Personal protective clothing and equipment must be appropriate for the level of protection needed for the expected exposure. For example, gloves would be sufficient for a laboratory technician who is drawing blood, whereas a pathologist conducting an autopsy would need considerably more protective clothing. Personal protective equipment may be required during the care of any patient, so it must be routinely available in patient-care areas, not just on isolation carts. You may need to wear a mask and eye protection during the care of a patient on Standard or Universal Precautions. Availability of PPE is required by the OSHA Standard. If you are not sure where to obtain it, ask your employer.

What PPE to Wear

Knowing what to wear for each different type of isolation is important for your protection. Factors influencing PPE selection include the fit, the type of exposure anticipated, durability, and appropriateness for the task.

Airborne Contact Droplet
Gloves Gloves Gloves
Gown Gown Gown
N95 Respirator Goggle/Face shield if splash anticipated, but not needed for standard contact isolation Goggles/Face shield
What PPE would you wear for these patient encounters?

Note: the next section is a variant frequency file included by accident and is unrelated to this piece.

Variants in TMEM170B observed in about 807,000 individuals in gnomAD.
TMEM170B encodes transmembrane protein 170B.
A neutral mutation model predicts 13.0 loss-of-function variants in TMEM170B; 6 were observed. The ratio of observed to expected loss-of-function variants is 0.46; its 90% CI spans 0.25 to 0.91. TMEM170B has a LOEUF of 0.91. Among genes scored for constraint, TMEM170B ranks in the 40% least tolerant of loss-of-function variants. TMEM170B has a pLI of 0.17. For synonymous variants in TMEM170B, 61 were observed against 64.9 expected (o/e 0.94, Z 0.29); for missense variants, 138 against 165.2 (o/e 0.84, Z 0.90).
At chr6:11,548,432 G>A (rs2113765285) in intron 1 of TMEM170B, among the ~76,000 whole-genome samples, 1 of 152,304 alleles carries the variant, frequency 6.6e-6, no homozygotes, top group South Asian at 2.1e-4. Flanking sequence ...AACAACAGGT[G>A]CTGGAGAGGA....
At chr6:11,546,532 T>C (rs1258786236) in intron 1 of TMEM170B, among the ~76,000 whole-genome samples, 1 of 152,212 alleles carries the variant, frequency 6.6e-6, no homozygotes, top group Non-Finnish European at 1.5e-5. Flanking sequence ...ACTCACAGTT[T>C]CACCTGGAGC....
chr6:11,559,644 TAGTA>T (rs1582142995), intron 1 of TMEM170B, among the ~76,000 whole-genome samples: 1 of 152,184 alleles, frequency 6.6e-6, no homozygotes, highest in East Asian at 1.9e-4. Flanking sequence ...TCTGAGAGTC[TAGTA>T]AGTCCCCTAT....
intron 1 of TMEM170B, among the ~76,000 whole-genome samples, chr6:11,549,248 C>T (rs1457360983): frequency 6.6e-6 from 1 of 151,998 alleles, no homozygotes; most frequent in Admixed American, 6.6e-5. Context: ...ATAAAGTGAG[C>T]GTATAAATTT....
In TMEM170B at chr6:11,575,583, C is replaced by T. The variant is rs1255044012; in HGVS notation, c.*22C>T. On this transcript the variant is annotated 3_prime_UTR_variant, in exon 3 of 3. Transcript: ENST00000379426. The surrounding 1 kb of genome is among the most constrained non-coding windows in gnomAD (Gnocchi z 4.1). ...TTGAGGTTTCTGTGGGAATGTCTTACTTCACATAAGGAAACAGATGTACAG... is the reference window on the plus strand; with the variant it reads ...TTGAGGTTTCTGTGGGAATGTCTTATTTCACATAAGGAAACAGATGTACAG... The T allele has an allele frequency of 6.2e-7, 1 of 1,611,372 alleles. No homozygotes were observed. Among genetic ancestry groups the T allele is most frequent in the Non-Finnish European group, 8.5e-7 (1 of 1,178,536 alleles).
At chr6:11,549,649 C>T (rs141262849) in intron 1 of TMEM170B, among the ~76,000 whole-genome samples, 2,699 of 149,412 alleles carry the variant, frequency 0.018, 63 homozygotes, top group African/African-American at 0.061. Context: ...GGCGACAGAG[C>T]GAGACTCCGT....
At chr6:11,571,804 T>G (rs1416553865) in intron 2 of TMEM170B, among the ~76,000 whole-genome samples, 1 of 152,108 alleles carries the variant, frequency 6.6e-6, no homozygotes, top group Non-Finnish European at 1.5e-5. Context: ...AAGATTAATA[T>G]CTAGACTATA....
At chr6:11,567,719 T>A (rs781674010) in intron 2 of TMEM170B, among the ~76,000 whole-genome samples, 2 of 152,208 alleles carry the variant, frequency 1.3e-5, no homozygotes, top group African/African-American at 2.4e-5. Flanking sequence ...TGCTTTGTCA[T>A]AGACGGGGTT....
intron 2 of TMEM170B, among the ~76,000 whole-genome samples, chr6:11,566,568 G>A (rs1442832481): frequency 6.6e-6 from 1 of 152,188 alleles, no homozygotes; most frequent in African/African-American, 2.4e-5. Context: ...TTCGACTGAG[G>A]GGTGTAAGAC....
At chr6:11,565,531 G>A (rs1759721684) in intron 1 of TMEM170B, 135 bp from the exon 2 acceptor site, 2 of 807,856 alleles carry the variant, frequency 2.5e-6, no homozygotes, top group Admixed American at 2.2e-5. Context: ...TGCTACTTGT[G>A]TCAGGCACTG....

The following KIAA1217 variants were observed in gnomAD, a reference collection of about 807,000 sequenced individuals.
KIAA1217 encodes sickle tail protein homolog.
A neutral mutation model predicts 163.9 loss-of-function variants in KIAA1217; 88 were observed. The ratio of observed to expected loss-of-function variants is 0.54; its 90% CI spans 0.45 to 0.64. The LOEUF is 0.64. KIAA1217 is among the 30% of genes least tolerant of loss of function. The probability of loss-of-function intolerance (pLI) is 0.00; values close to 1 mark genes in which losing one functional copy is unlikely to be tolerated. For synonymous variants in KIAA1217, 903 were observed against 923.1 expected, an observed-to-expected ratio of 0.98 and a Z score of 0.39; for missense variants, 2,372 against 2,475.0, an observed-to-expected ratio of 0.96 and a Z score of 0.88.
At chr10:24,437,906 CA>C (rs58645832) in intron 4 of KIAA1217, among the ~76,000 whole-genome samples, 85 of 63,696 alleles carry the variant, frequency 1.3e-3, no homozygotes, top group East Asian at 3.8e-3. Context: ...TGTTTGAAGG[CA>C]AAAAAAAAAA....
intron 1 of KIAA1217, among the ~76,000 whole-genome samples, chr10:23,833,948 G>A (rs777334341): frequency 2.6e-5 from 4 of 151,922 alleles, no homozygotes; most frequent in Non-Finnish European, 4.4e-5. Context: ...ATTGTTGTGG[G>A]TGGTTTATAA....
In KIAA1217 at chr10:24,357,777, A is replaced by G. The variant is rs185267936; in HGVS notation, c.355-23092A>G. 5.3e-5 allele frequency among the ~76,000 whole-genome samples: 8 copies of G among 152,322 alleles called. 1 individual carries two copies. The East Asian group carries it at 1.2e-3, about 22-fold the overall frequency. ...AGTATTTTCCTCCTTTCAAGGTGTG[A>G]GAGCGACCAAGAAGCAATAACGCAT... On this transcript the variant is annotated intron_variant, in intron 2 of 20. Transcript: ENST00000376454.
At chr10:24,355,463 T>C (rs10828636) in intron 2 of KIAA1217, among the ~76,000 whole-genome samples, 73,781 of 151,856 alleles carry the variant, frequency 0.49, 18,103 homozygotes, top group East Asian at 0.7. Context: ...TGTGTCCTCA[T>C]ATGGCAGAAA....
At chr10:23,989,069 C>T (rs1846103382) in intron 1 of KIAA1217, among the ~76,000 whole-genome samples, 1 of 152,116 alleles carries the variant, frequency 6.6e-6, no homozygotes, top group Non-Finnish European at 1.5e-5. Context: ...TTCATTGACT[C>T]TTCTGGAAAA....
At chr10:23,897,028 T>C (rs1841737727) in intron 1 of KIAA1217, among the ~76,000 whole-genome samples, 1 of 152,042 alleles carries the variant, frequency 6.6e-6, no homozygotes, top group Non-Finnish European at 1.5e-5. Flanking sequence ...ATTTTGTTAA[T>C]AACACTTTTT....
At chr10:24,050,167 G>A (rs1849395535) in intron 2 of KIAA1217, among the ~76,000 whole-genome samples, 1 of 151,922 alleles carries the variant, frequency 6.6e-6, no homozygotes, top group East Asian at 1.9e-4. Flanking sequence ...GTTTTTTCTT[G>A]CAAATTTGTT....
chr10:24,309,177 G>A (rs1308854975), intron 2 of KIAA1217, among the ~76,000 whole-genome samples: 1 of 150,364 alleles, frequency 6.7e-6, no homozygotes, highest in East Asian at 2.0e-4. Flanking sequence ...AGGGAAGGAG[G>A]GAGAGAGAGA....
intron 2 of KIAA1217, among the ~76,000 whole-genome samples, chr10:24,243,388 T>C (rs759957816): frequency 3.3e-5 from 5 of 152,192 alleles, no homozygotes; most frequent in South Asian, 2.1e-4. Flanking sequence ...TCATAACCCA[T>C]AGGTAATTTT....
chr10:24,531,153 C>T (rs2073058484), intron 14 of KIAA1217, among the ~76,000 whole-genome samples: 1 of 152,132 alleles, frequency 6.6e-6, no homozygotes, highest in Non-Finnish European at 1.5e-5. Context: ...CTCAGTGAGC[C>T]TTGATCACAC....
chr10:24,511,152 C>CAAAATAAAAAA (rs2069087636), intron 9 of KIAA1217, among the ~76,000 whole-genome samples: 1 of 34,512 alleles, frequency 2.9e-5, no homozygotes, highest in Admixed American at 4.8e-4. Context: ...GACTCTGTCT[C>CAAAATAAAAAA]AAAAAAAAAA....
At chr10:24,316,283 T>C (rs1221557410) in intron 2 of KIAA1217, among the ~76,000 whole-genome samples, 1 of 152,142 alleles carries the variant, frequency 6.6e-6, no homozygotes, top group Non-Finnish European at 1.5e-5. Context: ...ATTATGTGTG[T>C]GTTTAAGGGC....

Encounter Type of PPE
Suctioning oral secretions? gloves and mask/goggles or a face shield
Transporting a patient in a wheelchair? generally, none
Responding to an emergency where blood is spurting? gloves, fluid-resistant gown, mask/goggles or a face shield
Drawing blood from a vein? gloves
Cleaning an incontinent patient with diarrhea? gloves and generally a gown
Irrigating a wound? gloves, gown, and mask/goggles or a face shield
Taking vital signs? generally, none


The employer should ensure that the employee uses appropriate PPE unless the employer shows that the employee temporarily and briefly declined to use PPE when, under rare and extraordinary circumstances, it was the employee's professional judgment that in the specific instance its use would have prevented the delivery of healthcare or public safety services or would have posed an increased hazard to the safety of the worker or co-worker.

When the employee makes this judgment, the circumstances shall be investigated and documented in order to determine whether changes can be instituted to prevent such occurrences in the future. In other words, if using PPE would increase danger to the person receiving care or to the worker, then the worker may decline to use the PPE, but situations like this must be reported and investigated, and are rare.

Decontaminating and Disposing of PPE

Employees must remove personal protective clothing and equipment before leaving the work area or when the PPE becomes contaminated. If a garment is penetrated, workers must remove it immediately or as soon as feasible. Used protective clothing and equipment must be placed in designated containers for storage, decontamination, or disposal.

While use of PPE cannot prevent all exposures, wearing it properly and when needed can greatly reduce potential exposure to all bloodborne pathogens. The sequence for removing PPE is:

Gloves —> Goggles —> Gown —> Mask